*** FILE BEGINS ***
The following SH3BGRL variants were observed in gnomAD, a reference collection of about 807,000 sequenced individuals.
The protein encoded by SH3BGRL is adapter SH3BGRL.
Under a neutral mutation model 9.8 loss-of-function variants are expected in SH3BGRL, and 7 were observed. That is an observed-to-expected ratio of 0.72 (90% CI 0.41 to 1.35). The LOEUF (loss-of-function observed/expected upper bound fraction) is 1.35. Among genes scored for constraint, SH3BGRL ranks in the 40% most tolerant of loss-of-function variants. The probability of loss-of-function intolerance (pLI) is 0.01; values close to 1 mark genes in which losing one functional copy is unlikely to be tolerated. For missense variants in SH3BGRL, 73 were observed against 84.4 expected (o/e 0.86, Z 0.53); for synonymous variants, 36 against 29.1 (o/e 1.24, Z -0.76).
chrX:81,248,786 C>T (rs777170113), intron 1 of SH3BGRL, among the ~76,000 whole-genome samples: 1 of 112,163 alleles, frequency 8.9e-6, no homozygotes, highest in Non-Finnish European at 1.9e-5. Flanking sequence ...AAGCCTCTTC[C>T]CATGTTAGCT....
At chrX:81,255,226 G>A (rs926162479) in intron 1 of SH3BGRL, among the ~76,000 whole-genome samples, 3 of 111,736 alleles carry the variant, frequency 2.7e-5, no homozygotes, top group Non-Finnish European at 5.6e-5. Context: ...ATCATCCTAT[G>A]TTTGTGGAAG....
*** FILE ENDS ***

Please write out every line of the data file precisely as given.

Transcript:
The following SH3BGRL variants were observed in gnomAD, a reference collection of about 807,000 sequenced individuals.
The protein encoded by SH3BGRL is adapter SH3BGRL.
Under a neutral mutation model 9.8 loss-of-function variants are expected in SH3BGRL, and 7 were observed. That is an observed-to-expected ratio of 0.72 (90% CI 0.41 to 1.35). The LOEUF (loss-of-function observed/expected upper bound fraction) is 1.35. Among genes scored for constraint, SH3BGRL ranks in the 40% most tolerant of loss-of-function variants. The probability of loss-of-function intolerance (pLI) is 0.01; values close to 1 mark genes in which losing one functional copy is unlikely to be tolerated. For missense variants in SH3BGRL, 73 were observed against 84.4 expected (o/e 0.86, Z 0.53); for synonymous variants, 36 against 29.1 (o/e 1.24, Z -0.76).
chrX:81,248,786 C>T (rs777170113), intron 1 of SH3BGRL, among the ~76,000 whole-genome samples: 1 of 112,163 alleles, frequency 8.9e-6, no homozygotes, highest in Non-Finnish European at 1.9e-5. Flanking sequence ...AAGCCTCTTC[C>T]CATGTTAGCT....
At chrX:81,255,226 G>A (rs926162479) in intron 1 of SH3BGRL, among the ~76,000 whole-genome samples, 3 of 111,736 alleles carry the variant, frequency 2.7e-5, no homozygotes, top group Non-Finnish European at 5.6e-5. Context: ...ATCATCCTAT[G>A]TTTGTGGAAG....